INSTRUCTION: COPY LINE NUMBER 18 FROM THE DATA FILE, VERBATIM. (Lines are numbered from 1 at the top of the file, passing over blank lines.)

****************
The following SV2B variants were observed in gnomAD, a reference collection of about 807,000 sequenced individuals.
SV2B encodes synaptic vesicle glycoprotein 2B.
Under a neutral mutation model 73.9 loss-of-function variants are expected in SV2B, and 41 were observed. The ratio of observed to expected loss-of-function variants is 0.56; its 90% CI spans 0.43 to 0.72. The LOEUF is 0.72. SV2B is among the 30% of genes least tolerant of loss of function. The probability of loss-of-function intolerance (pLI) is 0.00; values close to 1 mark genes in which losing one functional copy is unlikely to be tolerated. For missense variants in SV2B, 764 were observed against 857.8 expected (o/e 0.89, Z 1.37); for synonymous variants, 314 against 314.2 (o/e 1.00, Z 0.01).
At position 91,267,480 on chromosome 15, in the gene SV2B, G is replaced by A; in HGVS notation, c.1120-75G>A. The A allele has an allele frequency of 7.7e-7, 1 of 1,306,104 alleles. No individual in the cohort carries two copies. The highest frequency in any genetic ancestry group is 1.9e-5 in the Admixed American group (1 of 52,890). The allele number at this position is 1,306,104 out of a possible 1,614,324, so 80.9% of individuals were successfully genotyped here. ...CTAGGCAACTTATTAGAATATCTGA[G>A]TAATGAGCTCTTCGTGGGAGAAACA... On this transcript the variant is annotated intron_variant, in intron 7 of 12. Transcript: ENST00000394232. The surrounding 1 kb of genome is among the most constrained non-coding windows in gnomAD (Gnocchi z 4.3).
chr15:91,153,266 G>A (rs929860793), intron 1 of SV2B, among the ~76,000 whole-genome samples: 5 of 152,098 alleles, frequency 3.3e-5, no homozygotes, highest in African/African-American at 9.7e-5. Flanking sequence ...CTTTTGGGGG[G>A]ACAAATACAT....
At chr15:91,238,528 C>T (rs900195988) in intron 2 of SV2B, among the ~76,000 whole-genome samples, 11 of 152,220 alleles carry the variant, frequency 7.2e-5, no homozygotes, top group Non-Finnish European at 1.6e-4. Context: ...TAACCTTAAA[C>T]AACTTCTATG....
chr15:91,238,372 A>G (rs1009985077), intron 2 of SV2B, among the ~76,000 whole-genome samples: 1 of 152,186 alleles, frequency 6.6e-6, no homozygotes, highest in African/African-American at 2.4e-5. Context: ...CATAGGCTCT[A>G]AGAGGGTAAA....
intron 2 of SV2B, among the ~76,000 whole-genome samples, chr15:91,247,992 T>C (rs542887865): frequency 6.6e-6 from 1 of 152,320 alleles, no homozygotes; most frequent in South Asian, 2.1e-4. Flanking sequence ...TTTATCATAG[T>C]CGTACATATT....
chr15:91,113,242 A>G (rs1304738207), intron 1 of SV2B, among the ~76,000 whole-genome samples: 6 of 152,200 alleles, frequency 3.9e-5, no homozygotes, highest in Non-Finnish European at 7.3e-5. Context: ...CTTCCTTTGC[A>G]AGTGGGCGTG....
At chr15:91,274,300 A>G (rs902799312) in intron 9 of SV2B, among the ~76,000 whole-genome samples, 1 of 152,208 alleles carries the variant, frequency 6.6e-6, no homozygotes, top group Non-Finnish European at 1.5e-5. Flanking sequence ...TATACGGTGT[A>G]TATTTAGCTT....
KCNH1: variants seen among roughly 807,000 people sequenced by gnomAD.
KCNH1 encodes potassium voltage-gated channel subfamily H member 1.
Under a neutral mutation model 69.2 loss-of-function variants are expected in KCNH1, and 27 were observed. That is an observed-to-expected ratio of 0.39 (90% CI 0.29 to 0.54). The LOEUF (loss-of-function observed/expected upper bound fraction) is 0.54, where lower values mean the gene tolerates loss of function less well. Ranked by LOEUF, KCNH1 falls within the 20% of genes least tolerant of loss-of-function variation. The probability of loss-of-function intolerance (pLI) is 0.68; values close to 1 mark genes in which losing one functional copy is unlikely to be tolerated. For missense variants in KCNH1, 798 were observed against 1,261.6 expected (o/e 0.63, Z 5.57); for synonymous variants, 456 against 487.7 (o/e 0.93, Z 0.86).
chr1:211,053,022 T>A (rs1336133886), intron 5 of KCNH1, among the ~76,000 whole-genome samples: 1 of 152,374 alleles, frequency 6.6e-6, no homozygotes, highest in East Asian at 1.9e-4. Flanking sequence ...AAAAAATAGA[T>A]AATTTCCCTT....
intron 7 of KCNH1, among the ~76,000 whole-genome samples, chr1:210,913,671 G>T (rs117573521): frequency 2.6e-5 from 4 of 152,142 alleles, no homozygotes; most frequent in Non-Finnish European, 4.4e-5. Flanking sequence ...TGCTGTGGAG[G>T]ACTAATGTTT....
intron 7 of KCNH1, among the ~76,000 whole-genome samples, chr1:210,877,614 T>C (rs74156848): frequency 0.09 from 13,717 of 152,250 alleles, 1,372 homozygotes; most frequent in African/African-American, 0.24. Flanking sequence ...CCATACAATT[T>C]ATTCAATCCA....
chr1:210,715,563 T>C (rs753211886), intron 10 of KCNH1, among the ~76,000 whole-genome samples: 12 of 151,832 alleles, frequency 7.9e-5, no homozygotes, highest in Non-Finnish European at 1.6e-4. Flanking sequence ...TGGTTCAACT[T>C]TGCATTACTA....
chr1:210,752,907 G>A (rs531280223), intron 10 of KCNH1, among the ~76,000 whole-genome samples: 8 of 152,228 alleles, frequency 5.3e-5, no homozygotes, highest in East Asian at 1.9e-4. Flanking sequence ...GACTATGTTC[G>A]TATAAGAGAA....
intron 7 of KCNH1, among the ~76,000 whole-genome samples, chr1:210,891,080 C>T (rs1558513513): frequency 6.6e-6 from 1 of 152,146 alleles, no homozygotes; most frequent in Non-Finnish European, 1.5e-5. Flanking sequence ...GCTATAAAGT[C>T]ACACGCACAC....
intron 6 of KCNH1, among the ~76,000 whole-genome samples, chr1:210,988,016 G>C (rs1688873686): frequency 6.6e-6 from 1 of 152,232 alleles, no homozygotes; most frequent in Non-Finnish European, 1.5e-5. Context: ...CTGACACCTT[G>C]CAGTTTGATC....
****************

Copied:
chr1:210,752,907 G>A (rs531280223), intron 10 of KCNH1, among the ~76,000 whole-genome samples: 8 of 152,228 alleles, frequency 5.3e-5, no homozygotes, highest in East Asian at 1.9e-4. Flanking sequence ...GACTATGTTC[G>A]TATAAGAGAA....